Sometimes grandparents are denied meaningful access to and relationships with their grandchildren. This is called ‘grandparent alienation’. Find out more about grandparent alienation.
This term is used to describe a secondary dwelling added to a property. It can be a freestanding structure or an extension.
Granny flat interest
The granny flat interest is an exception to social security law to ensure that when an older person transfers title of their property, proceeds of their property, or other assets to a family member (or similar person) in return for care and accommodation it does not affect their eligibility for the age pension.
For the granny flat interest to apply, the place the older person has moved into (or stays in) must be a private home and, in return for paying with the proceeds or assets, the person must have been promised the right to live there for the rest of their life. Find out more about granny flat interest
Grant of probate
A grant of probate gives the executor of a will the authority to deal with the assets and liabilities of the estate. This includes collecting the assets, dealing with debts and accounts, and distributing the estate.
When a person uses the equity in their own property as guarantee that another person will be able to service a loan, they are acting as a guarantor. If the person defaults on their loan, the guarantor’s property can be at risk. While acting as guarantor might be a way of financially supporting a family member without directly giving them money, there are significant risks and consequences if things go wrong. Find out more about being a guarantor.
Guardian and guardianship
A guardian is appointed (through a guardianship order by a tribunal) to make personal decisions on behalf of another person, when they are unable to do it themselves or with support. This may include an adult with a disability or an older person with cognitive impairment who had not appointed an attorney or medical decision-maker and no longer has the capacity to do so.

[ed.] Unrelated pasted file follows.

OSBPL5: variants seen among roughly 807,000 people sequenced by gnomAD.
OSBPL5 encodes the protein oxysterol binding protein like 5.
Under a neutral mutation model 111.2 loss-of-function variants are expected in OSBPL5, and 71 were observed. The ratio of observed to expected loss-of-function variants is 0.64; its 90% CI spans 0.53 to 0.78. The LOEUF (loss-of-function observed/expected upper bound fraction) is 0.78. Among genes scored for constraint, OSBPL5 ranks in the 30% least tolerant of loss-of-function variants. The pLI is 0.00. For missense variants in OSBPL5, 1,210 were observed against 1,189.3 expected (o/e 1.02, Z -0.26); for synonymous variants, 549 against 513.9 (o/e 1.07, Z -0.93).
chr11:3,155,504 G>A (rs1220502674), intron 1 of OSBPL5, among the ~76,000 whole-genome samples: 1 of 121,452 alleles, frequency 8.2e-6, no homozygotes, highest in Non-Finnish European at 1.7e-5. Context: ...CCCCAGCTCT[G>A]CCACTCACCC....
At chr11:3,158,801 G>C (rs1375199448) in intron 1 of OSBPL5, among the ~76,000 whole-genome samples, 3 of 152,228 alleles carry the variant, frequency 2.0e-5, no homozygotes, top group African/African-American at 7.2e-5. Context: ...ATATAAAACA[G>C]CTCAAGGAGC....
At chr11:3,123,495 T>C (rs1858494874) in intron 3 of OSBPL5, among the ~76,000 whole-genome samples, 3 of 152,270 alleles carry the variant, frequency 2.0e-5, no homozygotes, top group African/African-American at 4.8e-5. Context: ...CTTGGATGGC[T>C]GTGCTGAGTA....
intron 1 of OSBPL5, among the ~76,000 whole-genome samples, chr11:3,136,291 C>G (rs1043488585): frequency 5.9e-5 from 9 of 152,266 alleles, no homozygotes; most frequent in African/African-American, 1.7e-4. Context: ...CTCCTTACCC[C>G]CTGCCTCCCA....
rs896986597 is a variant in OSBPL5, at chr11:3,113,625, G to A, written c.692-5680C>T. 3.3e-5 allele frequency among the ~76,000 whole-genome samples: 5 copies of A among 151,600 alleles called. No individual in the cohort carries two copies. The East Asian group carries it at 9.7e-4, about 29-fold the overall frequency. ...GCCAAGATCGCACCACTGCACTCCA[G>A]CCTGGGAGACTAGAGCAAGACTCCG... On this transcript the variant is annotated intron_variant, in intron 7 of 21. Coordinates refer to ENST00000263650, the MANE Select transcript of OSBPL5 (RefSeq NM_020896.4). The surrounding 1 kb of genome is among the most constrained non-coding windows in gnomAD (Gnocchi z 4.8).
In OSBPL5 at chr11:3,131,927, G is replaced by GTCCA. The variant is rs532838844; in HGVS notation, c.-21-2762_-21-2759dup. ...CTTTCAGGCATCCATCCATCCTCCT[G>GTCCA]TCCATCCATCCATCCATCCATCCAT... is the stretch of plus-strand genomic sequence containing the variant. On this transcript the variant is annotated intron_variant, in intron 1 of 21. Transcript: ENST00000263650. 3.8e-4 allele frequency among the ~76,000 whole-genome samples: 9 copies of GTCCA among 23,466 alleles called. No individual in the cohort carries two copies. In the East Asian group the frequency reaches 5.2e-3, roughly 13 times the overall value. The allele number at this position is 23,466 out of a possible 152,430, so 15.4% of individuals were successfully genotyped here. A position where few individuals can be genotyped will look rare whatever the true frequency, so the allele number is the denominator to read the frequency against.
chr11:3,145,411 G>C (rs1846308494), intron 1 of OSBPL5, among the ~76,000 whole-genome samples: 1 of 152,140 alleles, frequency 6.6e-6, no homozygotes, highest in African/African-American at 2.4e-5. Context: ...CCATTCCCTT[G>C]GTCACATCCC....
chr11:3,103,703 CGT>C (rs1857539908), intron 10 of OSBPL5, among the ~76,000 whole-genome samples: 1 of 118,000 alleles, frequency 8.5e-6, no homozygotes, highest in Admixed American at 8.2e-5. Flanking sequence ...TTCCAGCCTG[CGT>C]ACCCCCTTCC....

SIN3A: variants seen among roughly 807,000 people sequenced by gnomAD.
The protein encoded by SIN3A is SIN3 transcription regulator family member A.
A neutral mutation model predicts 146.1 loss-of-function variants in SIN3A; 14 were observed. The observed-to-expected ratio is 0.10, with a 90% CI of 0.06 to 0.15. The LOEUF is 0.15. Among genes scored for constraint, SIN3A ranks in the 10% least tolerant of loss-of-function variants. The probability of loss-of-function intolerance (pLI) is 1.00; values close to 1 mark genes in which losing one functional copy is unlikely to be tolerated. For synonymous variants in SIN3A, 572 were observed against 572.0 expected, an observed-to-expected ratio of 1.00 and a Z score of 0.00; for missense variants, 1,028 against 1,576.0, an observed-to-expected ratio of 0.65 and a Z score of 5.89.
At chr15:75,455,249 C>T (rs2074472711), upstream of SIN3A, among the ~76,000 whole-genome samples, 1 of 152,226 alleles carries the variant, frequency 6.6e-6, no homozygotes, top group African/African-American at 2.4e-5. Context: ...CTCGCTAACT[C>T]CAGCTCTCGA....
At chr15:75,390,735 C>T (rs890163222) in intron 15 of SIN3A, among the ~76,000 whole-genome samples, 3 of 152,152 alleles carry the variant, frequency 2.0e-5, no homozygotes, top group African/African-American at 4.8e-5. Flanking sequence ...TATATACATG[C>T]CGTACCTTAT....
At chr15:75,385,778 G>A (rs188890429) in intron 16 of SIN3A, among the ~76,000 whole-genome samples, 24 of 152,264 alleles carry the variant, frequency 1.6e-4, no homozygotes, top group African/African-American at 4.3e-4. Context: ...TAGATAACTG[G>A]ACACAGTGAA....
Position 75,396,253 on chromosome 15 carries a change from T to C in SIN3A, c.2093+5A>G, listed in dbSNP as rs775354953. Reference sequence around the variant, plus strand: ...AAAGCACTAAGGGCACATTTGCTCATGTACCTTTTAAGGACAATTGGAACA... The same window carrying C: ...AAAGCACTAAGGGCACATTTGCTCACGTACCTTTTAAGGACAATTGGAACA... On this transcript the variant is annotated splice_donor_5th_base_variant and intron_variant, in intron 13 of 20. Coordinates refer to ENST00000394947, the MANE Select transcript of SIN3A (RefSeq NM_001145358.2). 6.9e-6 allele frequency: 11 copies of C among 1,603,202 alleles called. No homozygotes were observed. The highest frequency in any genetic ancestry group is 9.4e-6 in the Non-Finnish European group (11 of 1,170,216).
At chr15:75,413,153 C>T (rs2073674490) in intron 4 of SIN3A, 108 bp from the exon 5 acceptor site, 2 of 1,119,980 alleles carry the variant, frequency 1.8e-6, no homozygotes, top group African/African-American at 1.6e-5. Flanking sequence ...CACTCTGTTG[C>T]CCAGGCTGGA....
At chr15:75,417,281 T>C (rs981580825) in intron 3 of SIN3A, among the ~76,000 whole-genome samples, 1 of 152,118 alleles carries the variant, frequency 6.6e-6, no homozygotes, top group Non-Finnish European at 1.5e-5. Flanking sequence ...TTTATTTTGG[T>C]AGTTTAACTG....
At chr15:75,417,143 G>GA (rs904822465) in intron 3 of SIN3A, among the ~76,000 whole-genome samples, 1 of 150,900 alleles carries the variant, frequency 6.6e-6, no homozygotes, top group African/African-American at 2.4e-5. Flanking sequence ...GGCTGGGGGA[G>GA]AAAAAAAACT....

Sometimes family members or friends of different generations come together to live in one ‘intergenerational’ household. If everyone involved is happy, this arrangement can benefit everyone with increased social opportunities and stronger relationships between generations.
Trauma and harm experienced by a person can passed through family, impacting those who did not directly experience or witness the harm. A person’s response to harm and trauma can affect their parenting practices, behaviour, use of violence and substances, and mental and physical health and wellbeing.
Intestacy or dying intestate
When a person dies without a will, it is referred to as ‘dying intestate’ or ‘intestacy’. Legal rules will determine who will be appointed administrator, and how the person’s estate will be distributed.
People who are isolated and are living without their desired level of social contact may feel lonely and anxious. Together, loneliness and isolation can have a negative effect on their health and wellbeing and may put them at higher risk of abuse and being taken advantage of. People can be isolated because of their geographical location (such as living alone or in a small town with limited transport options), communication or mobility difficulties, or their social circumstance (having few friends or family). Click here to read more about isolation.
This inclusive acronym is used to describe people and communities who identify as lesbian, gay, bisexual, transgender, intersex, queer, asexual and/or other sexuality and gender diverse identities.
A loan simply means providing money to someone with the expectation that it will be paid back in full. Even when the loan is provided to a trusted family member, it’s advisable to always have written documentation detailing the plans for repayment.
This is a blanket term describing any situation where a person’s nutritional intake does not align with their needs. For older people, malnutrition can include weight loss; an increased incidence of illness, falls or pressure injuries; slower than expected recovery from illnesses or wounds; reduced physical and cognitive capacity. Malnutrition can be a sign of elder abuse by neglect. Find out more here.
This refers to a supported meeting or process where people in dispute can listen to and be heard by each other, discuss what is important to each person, and reach an agreement that is satisfactory to everyone. The mediator is an independent professional who helps them but does not make a decision for them or tell them what to agree to.
Medical treatment decision maker
A person appointed to make medical treatment decisions on another’s behalf. This does not mean they can make financial, legal or other personal decisions.
An important part of maintaining good health is having plenty of healthy muscle or muscle reserve. This assists your body in combatting illnesses, keeping all organs functioning, supporting the repair ow wounds, and keeping diabetes in control. See Eating well in your 60s, 70s and beyond.
National Elder Abuse Prevalence Study
This study involved a telephone survey of 7000 people aged 65 and over and 3,400 people aged 18 to 64. By asking people about their experience and knowledge of elder abuse, the researchers were able to estimate the likely prevalence of elder abuse in Australia. The study estimated that almost one in six older Australians may have experienced abuse in the last 12 months. Find out more about the study